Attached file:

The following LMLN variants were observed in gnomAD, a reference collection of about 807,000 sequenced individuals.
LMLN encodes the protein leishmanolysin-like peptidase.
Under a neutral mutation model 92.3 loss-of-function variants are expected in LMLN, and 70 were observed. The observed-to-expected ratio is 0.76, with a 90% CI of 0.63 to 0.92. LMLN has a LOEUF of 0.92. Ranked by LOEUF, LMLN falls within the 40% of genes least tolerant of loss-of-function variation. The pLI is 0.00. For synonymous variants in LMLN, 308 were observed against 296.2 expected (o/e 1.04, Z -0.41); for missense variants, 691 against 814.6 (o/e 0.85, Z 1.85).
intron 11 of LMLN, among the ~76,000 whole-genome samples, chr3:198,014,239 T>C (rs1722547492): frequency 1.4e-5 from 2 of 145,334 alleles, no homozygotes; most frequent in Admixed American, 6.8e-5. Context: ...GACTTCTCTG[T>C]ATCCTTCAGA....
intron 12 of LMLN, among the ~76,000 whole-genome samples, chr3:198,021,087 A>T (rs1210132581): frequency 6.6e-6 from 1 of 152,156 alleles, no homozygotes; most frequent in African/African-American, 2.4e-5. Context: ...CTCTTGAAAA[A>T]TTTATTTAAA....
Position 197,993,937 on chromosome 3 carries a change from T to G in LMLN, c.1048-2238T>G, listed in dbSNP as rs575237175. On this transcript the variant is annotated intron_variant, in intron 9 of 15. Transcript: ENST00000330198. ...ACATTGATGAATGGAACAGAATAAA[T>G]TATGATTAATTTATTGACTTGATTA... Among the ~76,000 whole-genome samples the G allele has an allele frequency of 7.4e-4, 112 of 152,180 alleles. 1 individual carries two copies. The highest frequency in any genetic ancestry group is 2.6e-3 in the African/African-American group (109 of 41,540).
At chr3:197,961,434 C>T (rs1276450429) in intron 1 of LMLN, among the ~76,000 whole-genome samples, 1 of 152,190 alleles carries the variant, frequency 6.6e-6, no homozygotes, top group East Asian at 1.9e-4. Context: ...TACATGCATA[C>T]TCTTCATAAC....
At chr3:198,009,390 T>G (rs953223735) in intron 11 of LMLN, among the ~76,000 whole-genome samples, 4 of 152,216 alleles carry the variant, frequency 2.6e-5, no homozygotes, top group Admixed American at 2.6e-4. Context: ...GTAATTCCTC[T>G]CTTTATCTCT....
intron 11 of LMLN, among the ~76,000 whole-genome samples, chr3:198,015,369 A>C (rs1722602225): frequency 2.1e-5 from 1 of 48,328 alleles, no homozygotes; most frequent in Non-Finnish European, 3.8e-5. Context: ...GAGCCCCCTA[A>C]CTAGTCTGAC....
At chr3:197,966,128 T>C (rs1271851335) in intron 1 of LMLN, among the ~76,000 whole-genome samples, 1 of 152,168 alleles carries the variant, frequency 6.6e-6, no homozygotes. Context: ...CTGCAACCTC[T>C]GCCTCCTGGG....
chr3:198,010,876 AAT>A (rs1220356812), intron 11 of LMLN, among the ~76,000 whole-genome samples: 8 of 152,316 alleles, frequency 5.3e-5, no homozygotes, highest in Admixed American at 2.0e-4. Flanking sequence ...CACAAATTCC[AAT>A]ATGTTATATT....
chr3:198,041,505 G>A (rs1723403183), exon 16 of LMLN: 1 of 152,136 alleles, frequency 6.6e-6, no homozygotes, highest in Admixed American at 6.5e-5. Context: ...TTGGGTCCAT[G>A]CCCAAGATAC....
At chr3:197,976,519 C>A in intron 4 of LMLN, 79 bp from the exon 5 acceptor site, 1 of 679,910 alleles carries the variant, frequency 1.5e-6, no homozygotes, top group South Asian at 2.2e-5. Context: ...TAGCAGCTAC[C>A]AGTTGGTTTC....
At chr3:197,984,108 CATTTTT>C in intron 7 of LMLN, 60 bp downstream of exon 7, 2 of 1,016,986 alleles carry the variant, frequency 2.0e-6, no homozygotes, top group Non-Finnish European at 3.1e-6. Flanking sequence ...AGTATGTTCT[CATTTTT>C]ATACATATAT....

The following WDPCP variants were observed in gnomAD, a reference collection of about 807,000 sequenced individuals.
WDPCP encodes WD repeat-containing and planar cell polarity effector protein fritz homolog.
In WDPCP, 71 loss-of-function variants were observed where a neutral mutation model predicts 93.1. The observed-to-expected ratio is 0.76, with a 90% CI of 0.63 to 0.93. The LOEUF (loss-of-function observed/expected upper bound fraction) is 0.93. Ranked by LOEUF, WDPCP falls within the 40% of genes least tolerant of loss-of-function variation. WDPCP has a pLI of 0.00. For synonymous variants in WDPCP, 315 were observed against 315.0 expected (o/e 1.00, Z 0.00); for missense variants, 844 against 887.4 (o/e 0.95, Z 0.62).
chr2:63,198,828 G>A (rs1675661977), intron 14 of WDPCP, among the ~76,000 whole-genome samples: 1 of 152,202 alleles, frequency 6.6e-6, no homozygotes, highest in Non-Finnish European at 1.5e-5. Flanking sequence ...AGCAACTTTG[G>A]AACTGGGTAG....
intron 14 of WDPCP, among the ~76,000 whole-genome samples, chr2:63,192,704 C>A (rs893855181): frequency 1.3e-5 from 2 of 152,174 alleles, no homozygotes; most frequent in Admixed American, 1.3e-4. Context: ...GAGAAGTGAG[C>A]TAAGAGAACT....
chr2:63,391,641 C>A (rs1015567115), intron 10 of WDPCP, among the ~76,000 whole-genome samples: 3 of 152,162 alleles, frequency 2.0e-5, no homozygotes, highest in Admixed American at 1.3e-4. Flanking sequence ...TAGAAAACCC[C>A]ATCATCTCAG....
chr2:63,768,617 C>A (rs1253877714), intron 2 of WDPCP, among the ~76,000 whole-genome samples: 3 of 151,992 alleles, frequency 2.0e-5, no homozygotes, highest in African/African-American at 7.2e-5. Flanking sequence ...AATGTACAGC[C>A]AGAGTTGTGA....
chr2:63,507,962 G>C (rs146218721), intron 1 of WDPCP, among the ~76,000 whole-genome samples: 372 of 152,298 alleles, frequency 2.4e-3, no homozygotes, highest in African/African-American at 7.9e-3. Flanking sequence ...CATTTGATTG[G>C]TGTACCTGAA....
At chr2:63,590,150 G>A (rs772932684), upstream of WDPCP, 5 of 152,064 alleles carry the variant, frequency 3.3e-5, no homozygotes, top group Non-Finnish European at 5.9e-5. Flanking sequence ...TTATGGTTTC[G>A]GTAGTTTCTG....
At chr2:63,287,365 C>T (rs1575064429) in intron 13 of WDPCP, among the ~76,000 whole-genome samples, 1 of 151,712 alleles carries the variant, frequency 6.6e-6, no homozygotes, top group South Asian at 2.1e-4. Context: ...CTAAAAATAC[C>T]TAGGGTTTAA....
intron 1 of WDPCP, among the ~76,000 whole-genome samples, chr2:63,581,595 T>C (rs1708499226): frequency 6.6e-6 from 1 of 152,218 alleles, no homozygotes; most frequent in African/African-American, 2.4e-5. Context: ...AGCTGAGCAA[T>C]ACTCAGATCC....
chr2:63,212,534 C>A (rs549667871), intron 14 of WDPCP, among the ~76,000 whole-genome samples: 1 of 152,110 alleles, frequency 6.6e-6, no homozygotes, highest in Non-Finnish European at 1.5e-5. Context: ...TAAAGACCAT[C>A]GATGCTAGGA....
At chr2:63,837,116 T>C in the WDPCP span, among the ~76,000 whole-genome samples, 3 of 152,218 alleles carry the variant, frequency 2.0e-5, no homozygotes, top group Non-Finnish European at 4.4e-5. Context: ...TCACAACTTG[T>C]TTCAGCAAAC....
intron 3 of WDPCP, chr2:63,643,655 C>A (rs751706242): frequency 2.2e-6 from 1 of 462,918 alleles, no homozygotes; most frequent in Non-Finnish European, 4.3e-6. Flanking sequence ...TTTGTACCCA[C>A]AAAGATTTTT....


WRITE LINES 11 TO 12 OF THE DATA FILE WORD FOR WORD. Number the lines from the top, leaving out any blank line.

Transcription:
chr3:198,010,876 AAT>A (rs1220356812), intron 11 of LMLN, among the ~76,000 whole-genome samples: 8 of 152,316 alleles, frequency 5.3e-5, no homozygotes, highest in Admixed American at 2.0e-4. Flanking sequence ...CACAAATTCC[AAT>A]ATGTTATATT....
chr3:198,041,505 G>A (rs1723403183), exon 16 of LMLN: 1 of 152,136 alleles, frequency 6.6e-6, no homozygotes, highest in Admixed American at 6.5e-5. Context: ...TTGGGTCCAT[G>A]CCCAAGATAC....